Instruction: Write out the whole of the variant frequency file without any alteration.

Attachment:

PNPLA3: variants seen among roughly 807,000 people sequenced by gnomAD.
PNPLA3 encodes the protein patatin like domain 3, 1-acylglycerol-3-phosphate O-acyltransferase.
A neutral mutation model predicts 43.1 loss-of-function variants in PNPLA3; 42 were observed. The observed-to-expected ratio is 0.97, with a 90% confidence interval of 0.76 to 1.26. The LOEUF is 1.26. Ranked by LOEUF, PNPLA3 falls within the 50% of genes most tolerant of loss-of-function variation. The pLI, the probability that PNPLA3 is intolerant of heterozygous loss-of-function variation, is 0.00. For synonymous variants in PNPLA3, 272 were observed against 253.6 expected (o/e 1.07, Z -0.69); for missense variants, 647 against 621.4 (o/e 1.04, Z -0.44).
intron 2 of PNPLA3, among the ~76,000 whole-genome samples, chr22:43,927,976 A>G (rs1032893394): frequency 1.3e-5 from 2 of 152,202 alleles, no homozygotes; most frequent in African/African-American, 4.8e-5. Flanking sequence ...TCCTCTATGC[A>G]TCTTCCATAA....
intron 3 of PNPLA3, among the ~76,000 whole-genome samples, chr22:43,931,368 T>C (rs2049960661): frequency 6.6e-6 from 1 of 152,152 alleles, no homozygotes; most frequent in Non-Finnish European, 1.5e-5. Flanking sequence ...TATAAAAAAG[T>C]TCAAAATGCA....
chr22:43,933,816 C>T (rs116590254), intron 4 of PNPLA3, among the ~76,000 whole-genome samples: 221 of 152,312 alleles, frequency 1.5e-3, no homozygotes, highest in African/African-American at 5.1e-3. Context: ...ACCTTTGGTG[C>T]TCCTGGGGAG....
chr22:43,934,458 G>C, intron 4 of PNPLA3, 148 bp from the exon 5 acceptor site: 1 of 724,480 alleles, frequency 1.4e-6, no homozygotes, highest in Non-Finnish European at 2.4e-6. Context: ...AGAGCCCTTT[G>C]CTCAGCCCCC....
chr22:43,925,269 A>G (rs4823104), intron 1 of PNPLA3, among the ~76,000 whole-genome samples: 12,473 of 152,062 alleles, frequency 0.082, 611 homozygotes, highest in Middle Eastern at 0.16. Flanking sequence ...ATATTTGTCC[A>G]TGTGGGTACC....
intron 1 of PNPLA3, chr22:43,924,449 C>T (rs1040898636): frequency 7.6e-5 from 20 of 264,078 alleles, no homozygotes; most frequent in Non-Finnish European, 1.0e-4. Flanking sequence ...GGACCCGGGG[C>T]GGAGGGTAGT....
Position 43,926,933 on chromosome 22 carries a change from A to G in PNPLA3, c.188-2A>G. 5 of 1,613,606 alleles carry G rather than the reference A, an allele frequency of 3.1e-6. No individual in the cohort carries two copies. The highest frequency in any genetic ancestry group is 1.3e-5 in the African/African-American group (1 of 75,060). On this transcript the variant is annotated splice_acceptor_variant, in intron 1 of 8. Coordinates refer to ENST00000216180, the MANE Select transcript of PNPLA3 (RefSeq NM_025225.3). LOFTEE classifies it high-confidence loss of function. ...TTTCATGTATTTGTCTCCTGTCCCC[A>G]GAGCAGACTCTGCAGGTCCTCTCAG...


PNPLA3: variants seen among roughly 807,000 people sequenced by gnomAD.
PNPLA3 encodes the protein patatin like domain 3, 1-acylglycerol-3-phosphate O-acyltransferase.
A neutral mutation model predicts 43.1 loss-of-function variants in PNPLA3; 42 were observed. The observed-to-expected ratio is 0.97, with a 90% confidence interval of 0.76 to 1.26. The LOEUF is 1.26. Ranked by LOEUF, PNPLA3 falls within the 50% of genes most tolerant of loss-of-function variation. The pLI, the probability that PNPLA3 is intolerant of heterozygous loss-of-function variation, is 0.00. For synonymous variants in PNPLA3, 272 were observed against 253.6 expected (o/e 1.07, Z -0.69); for missense variants, 647 against 621.4 (o/e 1.04, Z -0.44).
intron 2 of PNPLA3, among the ~76,000 whole-genome samples, chr22:43,927,976 A>G (rs1032893394): frequency 1.3e-5 from 2 of 152,202 alleles, no homozygotes; most frequent in African/African-American, 4.8e-5. Flanking sequence ...TCCTCTATGC[A>G]TCTTCCATAA....
intron 3 of PNPLA3, among the ~76,000 whole-genome samples, chr22:43,931,368 T>C (rs2049960661): frequency 6.6e-6 from 1 of 152,152 alleles, no homozygotes; most frequent in Non-Finnish European, 1.5e-5. Flanking sequence ...TATAAAAAAG[T>C]TCAAAATGCA....
chr22:43,933,816 C>T (rs116590254), intron 4 of PNPLA3, among the ~76,000 whole-genome samples: 221 of 152,312 alleles, frequency 1.5e-3, no homozygotes, highest in African/African-American at 5.1e-3. Context: ...ACCTTTGGTG[C>T]TCCTGGGGAG....
chr22:43,934,458 G>C, intron 4 of PNPLA3, 148 bp from the exon 5 acceptor site: 1 of 724,480 alleles, frequency 1.4e-6, no homozygotes, highest in Non-Finnish European at 2.4e-6. Context: ...AGAGCCCTTT[G>C]CTCAGCCCCC....
chr22:43,925,269 A>G (rs4823104), intron 1 of PNPLA3, among the ~76,000 whole-genome samples: 12,473 of 152,062 alleles, frequency 0.082, 611 homozygotes, highest in Middle Eastern at 0.16. Flanking sequence ...ATATTTGTCC[A>G]TGTGGGTACC....
intron 1 of PNPLA3, chr22:43,924,449 C>T (rs1040898636): frequency 7.6e-5 from 20 of 264,078 alleles, no homozygotes; most frequent in Non-Finnish European, 1.0e-4. Flanking sequence ...GGACCCGGGG[C>T]GGAGGGTAGT....
Position 43,926,933 on chromosome 22 carries a change from A to G in PNPLA3, c.188-2A>G. 5 of 1,613,606 alleles carry G rather than the reference A, an allele frequency of 3.1e-6. No individual in the cohort carries two copies. The highest frequency in any genetic ancestry group is 1.3e-5 in the African/African-American group (1 of 75,060). On this transcript the variant is annotated splice_acceptor_variant, in intron 1 of 8. Coordinates refer to ENST00000216180, the MANE Select transcript of PNPLA3 (RefSeq NM_025225.3). LOFTEE classifies it high-confidence loss of function. ...TTTCATGTATTTGTCTCCTGTCCCC[A>G]GAGCAGACTCTGCAGGTCCTCTCAG...